The three of us except Kabarebe advised against the idea of going back to DR Congo because there were no political, strategic or security reasons to justify the war. Nevertheless, the country went to war and we supported it, but the unjustness of the war created uneasiness between Kagame and Kabarebe on the one hand, Karegeya and many others including myself, wondering whether the war was worthwhile.

In the process, things went horribly wrong, especially the Kitona debacle, where we lost many soldiers and hundreds were captured. (Ugandan  and Rwandan  forces on August 4,1998 launched a surprise attack on Kitona airbase  in western DRC, but were repulsed  by  Zimbabwean  and Angolan  forces  supporting the  then government). Recently, I heard Kabarebe praising the Kitona fiasco as a masterpiece and wonder: What did it achieve? In another jurisdiction, Paul Kagame and I should have resigned and Kabarebe court-martialled.

Thirdly, the Kisangani clash between Rwanda and Uganda was one of the most disappointing episodes. With Gen. Jeje Odongo and others, we investigated the clash. The reasons advanced by the commanders on the ground were embarrassing and tragic. Let me say, nobody won in Kisangani. Some insensitive people celebrate that they killed brothers and friends and won! They do not appreciate the consequences and gravity of the shameful clash.

While some people were celebrating success, Karegeya and I tried to mediate by visiting Kampala and inviting Ugandan officers to Kigali to explore ways in which the situation could be rectified. As you could have observed, President Kagame has described our efforts as a sign of our being sell-outs, yet we did all that with his blessings.

Fourthly, I opposed the shabby and treacherous lies about president Bizimungu that led to his ouster. I totally refused to be part of a cabal that was detailed to lie and witch-hunt him. It was sad to witness ‘mob lynching’ of a comrade in a political bureau meeting. They quickly forgot Bizimungu’s patriotism – a connected Hutu (during Habyarimana’s regime), who defected and joined a Tutsi-dominated fighting force.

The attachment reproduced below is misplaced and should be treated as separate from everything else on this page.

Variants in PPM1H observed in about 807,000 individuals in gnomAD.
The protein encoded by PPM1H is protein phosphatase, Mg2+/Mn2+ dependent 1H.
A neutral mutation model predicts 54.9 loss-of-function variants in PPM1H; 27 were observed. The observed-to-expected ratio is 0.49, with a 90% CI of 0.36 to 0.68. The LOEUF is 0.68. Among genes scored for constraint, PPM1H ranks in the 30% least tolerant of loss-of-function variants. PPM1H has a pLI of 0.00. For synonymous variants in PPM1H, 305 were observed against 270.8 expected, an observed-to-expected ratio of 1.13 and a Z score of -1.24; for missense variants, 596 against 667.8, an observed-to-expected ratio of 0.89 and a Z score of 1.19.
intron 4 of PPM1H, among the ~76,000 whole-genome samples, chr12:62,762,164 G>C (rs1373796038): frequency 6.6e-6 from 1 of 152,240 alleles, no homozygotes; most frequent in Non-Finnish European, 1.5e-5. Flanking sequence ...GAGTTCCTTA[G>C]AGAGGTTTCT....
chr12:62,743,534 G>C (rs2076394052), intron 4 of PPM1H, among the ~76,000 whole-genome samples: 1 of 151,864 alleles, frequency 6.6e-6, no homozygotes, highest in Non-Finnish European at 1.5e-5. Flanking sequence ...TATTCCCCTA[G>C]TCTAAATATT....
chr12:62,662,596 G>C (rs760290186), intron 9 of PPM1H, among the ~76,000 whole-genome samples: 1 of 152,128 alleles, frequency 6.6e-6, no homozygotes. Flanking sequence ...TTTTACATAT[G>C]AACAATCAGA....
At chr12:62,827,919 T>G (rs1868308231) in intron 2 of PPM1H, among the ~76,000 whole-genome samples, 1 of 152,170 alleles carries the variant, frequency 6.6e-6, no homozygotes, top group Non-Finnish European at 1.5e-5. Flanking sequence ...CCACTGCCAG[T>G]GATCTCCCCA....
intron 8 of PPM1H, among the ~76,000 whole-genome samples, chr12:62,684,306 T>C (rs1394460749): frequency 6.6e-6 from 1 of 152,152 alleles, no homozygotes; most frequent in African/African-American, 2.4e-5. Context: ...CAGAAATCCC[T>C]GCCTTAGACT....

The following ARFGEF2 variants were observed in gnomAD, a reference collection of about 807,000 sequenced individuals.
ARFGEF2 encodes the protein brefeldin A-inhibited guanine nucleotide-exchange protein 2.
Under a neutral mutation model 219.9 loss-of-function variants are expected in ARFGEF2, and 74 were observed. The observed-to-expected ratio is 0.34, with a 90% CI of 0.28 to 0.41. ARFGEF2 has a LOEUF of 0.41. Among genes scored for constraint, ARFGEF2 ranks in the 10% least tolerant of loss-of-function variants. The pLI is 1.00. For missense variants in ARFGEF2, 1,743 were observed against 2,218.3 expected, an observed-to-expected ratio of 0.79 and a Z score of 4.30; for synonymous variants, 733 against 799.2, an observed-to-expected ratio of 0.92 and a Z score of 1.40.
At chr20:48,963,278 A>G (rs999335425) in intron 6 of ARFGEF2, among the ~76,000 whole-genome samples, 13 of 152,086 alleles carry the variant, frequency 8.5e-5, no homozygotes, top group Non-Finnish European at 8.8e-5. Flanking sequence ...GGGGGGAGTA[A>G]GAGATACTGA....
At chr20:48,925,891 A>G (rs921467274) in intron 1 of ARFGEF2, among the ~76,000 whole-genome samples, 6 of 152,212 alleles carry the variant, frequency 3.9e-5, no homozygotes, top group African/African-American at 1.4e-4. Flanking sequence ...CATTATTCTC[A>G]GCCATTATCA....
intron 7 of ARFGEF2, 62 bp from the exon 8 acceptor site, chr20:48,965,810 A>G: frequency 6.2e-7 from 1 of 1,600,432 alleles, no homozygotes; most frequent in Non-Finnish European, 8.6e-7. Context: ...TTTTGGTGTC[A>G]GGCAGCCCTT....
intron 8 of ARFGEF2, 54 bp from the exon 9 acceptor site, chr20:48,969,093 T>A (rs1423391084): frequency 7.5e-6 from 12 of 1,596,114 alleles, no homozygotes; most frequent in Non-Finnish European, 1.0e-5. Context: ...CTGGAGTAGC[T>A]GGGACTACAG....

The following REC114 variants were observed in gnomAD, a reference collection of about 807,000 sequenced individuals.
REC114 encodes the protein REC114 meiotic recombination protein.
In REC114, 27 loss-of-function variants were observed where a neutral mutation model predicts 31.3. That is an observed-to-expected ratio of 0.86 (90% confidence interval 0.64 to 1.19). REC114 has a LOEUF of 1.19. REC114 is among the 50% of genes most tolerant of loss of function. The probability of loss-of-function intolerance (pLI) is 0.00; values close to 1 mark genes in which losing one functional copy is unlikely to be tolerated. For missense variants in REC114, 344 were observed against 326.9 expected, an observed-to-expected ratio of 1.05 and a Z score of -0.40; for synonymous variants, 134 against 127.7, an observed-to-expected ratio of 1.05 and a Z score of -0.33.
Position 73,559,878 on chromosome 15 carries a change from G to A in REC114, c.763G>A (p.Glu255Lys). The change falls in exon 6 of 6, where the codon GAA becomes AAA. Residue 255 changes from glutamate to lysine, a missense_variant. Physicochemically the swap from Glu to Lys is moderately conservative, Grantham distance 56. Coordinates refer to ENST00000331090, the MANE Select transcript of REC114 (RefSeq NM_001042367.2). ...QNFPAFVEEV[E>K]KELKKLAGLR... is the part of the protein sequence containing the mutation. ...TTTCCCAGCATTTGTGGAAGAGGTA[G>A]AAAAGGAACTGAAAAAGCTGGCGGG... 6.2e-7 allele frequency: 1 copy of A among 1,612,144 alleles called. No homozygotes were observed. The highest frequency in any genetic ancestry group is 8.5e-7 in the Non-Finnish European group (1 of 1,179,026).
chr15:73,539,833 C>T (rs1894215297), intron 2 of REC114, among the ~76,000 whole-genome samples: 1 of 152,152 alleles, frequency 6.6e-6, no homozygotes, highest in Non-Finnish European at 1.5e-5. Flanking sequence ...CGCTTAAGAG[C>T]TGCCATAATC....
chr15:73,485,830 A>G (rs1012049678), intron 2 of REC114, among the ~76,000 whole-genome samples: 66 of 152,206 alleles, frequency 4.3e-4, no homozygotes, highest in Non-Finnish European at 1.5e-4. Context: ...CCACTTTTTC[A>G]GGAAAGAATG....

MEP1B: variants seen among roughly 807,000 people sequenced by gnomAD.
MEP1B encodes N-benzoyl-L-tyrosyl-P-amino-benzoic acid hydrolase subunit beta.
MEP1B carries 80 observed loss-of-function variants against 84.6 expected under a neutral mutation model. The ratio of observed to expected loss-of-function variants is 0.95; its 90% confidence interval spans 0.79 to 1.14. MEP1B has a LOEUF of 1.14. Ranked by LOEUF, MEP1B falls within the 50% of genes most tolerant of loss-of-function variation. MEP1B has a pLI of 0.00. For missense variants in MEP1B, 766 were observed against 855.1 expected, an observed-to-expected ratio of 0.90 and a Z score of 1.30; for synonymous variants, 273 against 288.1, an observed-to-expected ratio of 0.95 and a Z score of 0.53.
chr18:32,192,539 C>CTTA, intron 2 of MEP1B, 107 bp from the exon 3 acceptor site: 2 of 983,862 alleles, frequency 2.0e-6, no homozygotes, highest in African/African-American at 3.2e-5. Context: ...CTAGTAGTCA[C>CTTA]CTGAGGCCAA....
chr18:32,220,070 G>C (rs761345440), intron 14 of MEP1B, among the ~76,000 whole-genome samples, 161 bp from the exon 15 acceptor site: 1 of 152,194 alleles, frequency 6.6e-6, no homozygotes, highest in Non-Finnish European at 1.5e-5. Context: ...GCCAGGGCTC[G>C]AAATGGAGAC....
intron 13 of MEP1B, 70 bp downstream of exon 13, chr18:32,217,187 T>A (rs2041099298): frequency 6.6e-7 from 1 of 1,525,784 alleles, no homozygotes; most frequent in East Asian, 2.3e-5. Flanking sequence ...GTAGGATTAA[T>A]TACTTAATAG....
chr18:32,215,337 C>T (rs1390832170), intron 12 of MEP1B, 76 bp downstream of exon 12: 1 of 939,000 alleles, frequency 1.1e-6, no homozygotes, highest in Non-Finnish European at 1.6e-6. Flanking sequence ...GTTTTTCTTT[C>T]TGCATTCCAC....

A man who committed societal suicide for a bigger political cause. The organisation lost its tolerant and compassionate soul, when Bizimungu was framed and imprisoned. Thereafter, a purging process started that swallowed almost all the original RPF cadres. We concede that leaders come and go, but it is not necessary for Paul Kagame to imprison and force others into exile to demonstrate that he fought the struggle single-handedly.

Lastly, the run-up to the 2003 elections generated paranoia, murders and disappearances of opposition leaders. The independent media was quickly muzzled and journalists disappeared, were imprisoned or run into exile. Civil society organisations crumbled or were forced into co-option; liberty and freedom were curtailed. All this was crowned with the rigging of elections, allocating 95% of the outcome to Paul Kagame.

From then on, RPF was unrecognisable, its ideals dead and buried. The democratic values we fought for were cast aside, national unity was undermined and corruption was institutionalised, where the president captured the state through Crystal Venture, which eventually became wealthier than the state.

Security institutions were monopolised and used to abduct, imprison and force people into disappearance, thus generating a rise in refugee numbers. The paranoia extended across borders, and the country pursued an aggressive and belligerent foreign policy.

When did you feel it was time to flee? 
In 2009, I was summoned from India, where I had been posted as ambassador, by the minister of foreign affairs, who did not give me a reason why I should report to Kigali. Two hours before I went to the airport, she called back and cancelled the trip. A few days later, a diplomat from a certain embassy (country withheld), asked me if I knew the names of a certain non-commissioned officer (NCO), who had been serving in the Presidential Guard.